Dance on my Grave

A Life and a Death
In Four Parts
One Hundred and Seventeen Bits
Six Running Reports
and Two Press Clippings
with a few jokes
a puzzle or three
some footnotes
and a fiasco now and then
to help the story along

A promise is a promise - no matter how hard it is to keep.

Summaries from Reviews:

'Hal Robinson of Southend, England, is intelligent, witty, self-deprecating, and somewhat innocent. During his sixteenth summer, friendship and then romance blossom between him and the self-confident Barry Gorman. When Barry dies in a motorcycle crash, Hal is driven to re-creating the events of the summer in a vivid colloquial account that conveys the emotional upheaval he is enduring after Barry's death. The account is preceded by news clippings and interspersed with reports made by the social worker assigned to investigate Hal's state of mind after his alleged desecration of his former lover's grave. [] The author is marvellously gifted at suggesting the ecstasy and insecurity that accompany new love - including its emotional and physical, social and spiritual aspects. A major strength of the book, the central conflict hinges not on the lovers being gay, but on their having two idiosyncratic and contradictory personalities.' The Horn Book

'"If I die first you dance on my grave,' Barry makes Hal promise. Barry's melodramatic request of his lover is fully in character with who Barry is, or who he believes he is: a fast living, fast loving, fast driving rake and seducer. Hal is the opposite: he thinks he has found in Barry his "boy with the magic beans," a bosom and eternal friend and lover. Witty and sophisticated [] Elegantly written and full of ideas.' School Library Journal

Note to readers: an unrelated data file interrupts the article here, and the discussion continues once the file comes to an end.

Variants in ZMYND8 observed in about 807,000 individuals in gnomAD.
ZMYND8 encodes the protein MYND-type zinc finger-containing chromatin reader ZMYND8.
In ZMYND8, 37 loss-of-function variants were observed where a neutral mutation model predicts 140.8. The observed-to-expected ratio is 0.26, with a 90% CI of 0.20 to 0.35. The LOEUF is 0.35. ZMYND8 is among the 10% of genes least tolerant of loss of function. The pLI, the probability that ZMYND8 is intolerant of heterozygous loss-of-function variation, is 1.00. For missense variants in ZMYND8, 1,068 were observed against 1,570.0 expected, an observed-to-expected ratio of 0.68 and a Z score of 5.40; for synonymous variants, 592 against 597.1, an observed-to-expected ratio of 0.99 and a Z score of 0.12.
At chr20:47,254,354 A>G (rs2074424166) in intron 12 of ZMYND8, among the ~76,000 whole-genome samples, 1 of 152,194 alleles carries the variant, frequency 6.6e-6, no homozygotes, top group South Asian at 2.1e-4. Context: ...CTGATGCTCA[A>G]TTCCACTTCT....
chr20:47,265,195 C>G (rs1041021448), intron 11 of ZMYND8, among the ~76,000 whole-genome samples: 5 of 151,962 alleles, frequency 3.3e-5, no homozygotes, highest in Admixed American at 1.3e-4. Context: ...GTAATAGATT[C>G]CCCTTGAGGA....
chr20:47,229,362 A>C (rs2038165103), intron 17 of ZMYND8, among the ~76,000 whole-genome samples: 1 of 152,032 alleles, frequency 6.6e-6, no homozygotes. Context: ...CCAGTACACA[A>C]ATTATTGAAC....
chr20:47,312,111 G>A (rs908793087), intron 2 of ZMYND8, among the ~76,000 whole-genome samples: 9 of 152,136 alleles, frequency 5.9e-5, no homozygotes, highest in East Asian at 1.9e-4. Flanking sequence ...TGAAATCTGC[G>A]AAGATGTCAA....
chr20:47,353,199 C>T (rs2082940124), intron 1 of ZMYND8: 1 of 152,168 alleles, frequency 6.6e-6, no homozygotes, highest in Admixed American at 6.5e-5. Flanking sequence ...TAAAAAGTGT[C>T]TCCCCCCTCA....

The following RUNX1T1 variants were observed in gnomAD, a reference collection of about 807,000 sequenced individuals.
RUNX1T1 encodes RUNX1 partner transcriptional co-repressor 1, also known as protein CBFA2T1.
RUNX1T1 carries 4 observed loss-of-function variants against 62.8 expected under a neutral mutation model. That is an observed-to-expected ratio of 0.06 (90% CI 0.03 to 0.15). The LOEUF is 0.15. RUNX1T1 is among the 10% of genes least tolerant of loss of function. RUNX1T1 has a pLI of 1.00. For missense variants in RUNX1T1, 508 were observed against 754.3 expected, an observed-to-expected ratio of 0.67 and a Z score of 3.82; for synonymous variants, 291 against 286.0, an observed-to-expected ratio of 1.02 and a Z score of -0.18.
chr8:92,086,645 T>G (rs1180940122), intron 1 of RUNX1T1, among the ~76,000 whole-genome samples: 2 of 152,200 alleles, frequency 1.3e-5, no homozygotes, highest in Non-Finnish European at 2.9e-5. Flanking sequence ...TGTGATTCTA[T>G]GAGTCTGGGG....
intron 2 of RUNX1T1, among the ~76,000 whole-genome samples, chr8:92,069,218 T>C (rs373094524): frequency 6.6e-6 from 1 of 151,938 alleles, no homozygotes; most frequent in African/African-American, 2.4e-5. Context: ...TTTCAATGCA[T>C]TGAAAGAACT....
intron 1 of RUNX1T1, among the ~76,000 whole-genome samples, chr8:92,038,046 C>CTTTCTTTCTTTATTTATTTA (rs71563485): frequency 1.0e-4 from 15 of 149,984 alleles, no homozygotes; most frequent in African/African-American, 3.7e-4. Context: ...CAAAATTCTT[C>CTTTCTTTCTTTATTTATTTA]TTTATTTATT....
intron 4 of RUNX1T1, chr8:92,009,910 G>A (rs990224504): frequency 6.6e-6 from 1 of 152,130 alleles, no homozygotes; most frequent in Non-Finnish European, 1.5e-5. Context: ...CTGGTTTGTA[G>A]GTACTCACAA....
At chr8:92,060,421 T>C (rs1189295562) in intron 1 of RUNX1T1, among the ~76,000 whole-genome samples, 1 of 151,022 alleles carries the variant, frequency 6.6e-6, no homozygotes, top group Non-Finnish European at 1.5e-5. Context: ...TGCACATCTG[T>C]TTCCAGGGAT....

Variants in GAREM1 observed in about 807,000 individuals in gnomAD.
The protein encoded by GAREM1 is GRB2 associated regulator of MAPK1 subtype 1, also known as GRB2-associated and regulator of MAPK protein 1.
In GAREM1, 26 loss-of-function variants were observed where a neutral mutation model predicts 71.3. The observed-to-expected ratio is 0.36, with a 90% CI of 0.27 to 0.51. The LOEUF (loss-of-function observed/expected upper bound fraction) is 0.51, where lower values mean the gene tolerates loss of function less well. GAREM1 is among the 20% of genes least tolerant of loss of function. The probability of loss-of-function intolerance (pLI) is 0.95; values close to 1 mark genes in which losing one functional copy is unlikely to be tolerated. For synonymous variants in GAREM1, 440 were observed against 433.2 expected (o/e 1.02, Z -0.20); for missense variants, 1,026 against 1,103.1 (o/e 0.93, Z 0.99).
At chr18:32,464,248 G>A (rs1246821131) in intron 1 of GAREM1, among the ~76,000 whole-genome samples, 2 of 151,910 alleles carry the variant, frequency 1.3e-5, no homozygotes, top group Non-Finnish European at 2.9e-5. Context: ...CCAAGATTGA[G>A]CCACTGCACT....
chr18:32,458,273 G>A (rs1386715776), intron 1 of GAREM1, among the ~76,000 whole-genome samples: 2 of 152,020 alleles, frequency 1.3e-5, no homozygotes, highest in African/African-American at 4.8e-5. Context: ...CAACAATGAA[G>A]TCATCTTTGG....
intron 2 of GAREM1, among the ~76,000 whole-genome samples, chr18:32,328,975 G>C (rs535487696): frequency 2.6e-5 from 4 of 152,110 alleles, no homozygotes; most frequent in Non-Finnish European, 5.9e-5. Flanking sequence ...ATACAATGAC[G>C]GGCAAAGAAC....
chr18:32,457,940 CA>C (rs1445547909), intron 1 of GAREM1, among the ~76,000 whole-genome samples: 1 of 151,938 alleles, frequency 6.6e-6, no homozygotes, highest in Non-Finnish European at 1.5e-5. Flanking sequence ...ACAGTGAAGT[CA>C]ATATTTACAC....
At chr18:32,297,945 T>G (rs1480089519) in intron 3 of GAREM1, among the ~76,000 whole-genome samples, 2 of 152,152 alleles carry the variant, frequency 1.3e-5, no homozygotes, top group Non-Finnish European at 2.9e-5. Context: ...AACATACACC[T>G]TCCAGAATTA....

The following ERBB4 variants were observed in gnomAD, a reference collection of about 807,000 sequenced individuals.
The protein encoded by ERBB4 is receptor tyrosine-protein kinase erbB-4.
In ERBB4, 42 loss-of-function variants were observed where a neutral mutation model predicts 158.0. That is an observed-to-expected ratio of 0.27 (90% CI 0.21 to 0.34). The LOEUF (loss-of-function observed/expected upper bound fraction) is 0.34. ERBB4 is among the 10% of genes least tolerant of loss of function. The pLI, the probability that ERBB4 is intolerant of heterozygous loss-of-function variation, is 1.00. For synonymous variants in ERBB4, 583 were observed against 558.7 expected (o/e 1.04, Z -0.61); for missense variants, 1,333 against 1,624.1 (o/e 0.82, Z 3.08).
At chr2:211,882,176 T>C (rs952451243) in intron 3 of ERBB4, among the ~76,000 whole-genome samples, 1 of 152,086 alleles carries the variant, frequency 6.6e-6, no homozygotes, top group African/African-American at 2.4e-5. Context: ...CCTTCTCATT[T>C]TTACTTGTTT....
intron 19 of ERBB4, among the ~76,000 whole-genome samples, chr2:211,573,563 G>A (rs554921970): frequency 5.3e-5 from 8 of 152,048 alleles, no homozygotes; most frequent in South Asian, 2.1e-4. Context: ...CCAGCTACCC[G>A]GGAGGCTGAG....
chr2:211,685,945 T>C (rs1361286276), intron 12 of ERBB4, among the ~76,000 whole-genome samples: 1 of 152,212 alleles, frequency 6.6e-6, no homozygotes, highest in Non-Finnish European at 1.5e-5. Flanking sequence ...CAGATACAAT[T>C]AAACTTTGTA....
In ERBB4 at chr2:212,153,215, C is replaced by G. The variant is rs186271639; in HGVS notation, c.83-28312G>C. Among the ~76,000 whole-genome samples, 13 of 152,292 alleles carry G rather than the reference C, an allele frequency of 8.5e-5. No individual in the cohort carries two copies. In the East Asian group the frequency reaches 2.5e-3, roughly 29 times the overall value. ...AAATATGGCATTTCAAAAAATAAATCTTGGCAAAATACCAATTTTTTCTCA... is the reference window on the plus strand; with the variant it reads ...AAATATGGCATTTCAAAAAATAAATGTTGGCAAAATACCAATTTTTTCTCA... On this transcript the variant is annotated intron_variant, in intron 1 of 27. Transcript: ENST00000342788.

'Chambers transcends the genre and tells one of the best coming-of-age love stories it has been my privilege to read. To have male feelings so well depicted is a rare treat [] Everything in this book is superb.' Voice of Youth Advocates

A note about The Dance Sequence - click here.

Buy On-line

First published by Bodley Head 1982

Defintions paperback (with Breaktime), January 2007,

ISBN 978-1-862-30288-4, 6.99

All contents are ©Aidan Chambers unless otherwise stated.

 

Of the six novels in the Dance Sequence Dance on My Grave, first published in Britain 1982, has always been the most read and has provoked the most reaction from readers of all ages. Until, that is This Is All: The Pillow Book of Cordelia Kenn was published in 2005.

Perhaps the reason is that Dance is a book that tracks the obsessive emotional attachment of one person for another, something most people experience at one time or another, and most often in the teenage years.

All too frequently listed as a 'gay' story, Betty Greenway rightly points out in her critical study, Aidan Chambers: Master Literary Choreographer (The Scarecrow Press, 2006, p 36):

'Although the novel is quite open and matter-of-fact about the main characters' homosexuality homosexuality never becomes an issue to be dealt with. A review in The Horn Book makes the point that many critics did when the book was released: "A major strength of the book, the central conflict hinges not on the lovers being gay, but on their having two idiosyncratic and contradictory personalities." The central conflict is the obsessive love Hal has for Barry But as Hal finds out, Barry doesn't feel the same way.'

It is a story that seems to appeal to theatre and film directors. Three times adapted for the stage, never satisfactorily, there have been nine attempts to film it. A novel that looks at first as if it is virtually a film script soon proves it is something quite else, and has so far daunted all attempts to bring it to the screen.

 

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